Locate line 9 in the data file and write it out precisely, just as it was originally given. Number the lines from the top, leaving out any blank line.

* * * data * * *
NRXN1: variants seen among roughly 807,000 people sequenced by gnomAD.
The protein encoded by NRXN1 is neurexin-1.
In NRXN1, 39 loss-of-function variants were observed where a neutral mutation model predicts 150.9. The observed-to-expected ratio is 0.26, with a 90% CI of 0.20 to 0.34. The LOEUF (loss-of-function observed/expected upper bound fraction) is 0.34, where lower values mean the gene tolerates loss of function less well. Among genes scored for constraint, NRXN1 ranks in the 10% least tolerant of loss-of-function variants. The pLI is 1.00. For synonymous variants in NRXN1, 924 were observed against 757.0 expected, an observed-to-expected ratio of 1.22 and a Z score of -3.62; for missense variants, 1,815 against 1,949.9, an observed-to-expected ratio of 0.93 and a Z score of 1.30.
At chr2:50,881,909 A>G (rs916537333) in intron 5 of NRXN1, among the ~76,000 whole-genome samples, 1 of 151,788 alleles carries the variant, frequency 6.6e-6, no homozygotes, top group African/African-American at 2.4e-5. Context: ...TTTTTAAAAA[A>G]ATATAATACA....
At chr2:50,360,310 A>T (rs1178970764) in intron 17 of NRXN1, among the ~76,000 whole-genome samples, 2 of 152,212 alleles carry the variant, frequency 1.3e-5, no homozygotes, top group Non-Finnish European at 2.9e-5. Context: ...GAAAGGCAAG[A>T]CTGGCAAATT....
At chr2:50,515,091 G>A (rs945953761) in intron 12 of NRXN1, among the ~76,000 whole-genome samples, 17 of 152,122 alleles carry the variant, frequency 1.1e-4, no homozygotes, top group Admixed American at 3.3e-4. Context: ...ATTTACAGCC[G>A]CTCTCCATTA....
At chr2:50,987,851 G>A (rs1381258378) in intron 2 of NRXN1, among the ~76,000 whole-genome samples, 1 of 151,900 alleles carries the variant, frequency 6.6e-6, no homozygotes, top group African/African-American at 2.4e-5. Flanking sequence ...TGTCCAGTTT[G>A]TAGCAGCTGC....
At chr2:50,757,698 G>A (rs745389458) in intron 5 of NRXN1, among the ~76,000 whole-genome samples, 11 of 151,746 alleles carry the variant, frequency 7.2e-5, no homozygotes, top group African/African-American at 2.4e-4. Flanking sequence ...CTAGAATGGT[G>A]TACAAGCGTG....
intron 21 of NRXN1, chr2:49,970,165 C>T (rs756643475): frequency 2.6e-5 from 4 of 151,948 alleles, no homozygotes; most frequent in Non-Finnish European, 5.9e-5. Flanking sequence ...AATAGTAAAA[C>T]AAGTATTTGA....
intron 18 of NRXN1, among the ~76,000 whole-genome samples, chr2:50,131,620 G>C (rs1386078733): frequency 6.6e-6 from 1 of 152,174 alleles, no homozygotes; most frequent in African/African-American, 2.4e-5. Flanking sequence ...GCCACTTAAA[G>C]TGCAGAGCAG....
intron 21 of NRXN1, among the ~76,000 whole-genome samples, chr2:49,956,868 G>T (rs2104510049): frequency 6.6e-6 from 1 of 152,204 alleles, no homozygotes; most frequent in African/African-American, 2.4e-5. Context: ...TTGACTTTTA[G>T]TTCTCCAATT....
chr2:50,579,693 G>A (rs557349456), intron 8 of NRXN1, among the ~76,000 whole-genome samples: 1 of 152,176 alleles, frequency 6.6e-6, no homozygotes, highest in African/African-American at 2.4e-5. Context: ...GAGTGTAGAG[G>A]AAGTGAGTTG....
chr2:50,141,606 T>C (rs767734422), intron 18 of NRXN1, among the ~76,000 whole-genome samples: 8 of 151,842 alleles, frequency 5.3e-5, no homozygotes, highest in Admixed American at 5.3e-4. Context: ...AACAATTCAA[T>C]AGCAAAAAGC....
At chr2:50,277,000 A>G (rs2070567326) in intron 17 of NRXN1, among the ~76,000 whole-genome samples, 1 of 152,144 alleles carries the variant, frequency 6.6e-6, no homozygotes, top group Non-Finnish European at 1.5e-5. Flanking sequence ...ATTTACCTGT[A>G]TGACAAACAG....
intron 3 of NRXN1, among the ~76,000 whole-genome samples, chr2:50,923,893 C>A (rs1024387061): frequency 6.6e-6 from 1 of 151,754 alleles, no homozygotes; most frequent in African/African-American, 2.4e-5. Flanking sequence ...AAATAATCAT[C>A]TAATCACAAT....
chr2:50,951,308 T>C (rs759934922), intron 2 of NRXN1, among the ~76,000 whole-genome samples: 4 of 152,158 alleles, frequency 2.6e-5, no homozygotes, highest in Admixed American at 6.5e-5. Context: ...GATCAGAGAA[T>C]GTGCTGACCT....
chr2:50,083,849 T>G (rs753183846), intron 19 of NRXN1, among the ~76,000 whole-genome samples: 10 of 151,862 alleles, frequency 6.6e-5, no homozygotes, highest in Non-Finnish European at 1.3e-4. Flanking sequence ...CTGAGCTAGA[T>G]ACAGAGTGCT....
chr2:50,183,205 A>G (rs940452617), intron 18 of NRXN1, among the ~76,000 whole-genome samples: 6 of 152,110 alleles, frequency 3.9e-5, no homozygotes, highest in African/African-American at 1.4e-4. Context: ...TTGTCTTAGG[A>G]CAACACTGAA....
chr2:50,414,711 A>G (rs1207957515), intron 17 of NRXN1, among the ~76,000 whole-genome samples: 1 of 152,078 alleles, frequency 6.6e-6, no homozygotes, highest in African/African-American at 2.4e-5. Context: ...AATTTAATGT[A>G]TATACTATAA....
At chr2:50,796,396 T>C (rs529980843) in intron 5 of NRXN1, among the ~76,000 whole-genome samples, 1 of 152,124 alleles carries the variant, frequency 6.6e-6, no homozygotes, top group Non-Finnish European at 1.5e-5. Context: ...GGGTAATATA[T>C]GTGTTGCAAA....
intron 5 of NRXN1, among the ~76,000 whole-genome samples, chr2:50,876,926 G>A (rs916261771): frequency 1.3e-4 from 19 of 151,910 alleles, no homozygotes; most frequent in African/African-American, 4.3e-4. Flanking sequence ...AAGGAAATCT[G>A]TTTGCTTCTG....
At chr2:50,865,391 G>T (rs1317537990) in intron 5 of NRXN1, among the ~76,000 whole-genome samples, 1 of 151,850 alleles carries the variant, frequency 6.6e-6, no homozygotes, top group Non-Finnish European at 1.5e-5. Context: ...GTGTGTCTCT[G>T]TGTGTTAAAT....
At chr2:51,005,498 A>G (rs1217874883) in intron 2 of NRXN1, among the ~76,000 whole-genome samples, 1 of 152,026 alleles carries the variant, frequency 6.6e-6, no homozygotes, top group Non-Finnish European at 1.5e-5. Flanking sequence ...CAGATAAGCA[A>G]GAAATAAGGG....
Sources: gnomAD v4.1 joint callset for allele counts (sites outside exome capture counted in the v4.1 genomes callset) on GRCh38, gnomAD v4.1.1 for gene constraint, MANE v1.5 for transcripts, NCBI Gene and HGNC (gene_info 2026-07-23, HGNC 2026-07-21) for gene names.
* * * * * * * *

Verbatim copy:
intron 21 of NRXN1, chr2:49,970,165 C>T (rs756643475): frequency 2.6e-5 from 4 of 151,948 alleles, no homozygotes; most frequent in Non-Finnish European, 5.9e-5. Flanking sequence ...AATAGTAAAA[C>T]AAGTATTTGA....